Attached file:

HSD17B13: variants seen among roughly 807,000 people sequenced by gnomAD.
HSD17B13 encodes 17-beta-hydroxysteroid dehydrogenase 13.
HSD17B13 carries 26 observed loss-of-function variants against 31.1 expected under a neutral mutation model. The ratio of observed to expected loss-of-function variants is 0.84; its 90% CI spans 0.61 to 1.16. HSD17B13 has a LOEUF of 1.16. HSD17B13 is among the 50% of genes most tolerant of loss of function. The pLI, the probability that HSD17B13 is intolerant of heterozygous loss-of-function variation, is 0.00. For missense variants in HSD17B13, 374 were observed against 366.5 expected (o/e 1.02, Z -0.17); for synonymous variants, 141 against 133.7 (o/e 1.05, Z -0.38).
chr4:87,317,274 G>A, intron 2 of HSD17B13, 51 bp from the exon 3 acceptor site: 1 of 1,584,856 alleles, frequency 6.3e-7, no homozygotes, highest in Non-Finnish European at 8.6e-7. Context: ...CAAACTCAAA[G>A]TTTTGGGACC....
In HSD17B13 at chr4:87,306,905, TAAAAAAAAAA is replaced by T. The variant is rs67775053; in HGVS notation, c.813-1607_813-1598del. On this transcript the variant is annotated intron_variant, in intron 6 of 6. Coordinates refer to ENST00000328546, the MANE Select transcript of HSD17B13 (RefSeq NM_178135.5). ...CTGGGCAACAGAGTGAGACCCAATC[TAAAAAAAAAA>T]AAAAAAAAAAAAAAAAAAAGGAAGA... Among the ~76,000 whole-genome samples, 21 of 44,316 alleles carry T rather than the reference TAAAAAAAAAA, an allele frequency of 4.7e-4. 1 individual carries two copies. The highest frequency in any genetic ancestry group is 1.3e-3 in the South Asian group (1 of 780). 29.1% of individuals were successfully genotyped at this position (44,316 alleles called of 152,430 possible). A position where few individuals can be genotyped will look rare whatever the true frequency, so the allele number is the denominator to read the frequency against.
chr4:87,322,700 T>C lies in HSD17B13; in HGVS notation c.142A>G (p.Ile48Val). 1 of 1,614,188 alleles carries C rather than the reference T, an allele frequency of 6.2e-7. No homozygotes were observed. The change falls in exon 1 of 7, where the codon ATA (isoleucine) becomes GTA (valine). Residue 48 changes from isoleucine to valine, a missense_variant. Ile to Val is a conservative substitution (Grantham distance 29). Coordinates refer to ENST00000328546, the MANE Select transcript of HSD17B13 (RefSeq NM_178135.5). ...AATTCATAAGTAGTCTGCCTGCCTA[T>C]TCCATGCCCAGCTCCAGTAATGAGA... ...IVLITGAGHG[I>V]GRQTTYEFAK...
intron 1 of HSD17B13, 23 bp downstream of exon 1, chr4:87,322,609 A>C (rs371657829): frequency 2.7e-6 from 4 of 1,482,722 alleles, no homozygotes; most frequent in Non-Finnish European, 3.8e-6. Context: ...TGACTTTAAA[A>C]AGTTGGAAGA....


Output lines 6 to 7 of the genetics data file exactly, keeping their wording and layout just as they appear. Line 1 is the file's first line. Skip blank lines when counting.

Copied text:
chr4:87,322,700 T>C lies in HSD17B13; in HGVS notation c.142A>G (p.Ile48Val). 1 of 1,614,188 alleles carries C rather than the reference T, an allele frequency of 6.2e-7. No homozygotes were observed. The change falls in exon 1 of 7, where the codon ATA (isoleucine) becomes GTA (valine). Residue 48 changes from isoleucine to valine, a missense_variant. Ile to Val is a conservative substitution (Grantham distance 29). Coordinates refer to ENST00000328546, the MANE Select transcript of HSD17B13 (RefSeq NM_178135.5). ...AATTCATAAGTAGTCTGCCTGCCTA[T>C]TCCATGCCCAGCTCCAGTAATGAGA... ...IVLITGAGHG[I>V]GRQTTYEFAK...
intron 1 of HSD17B13, 23 bp downstream of exon 1, chr4:87,322,609 A>C (rs371657829): frequency 2.7e-6 from 4 of 1,482,722 alleles, no homozygotes; most frequent in Non-Finnish European, 3.8e-6. Context: ...TGACTTTAAA[A>C]AGTTGGAAGA....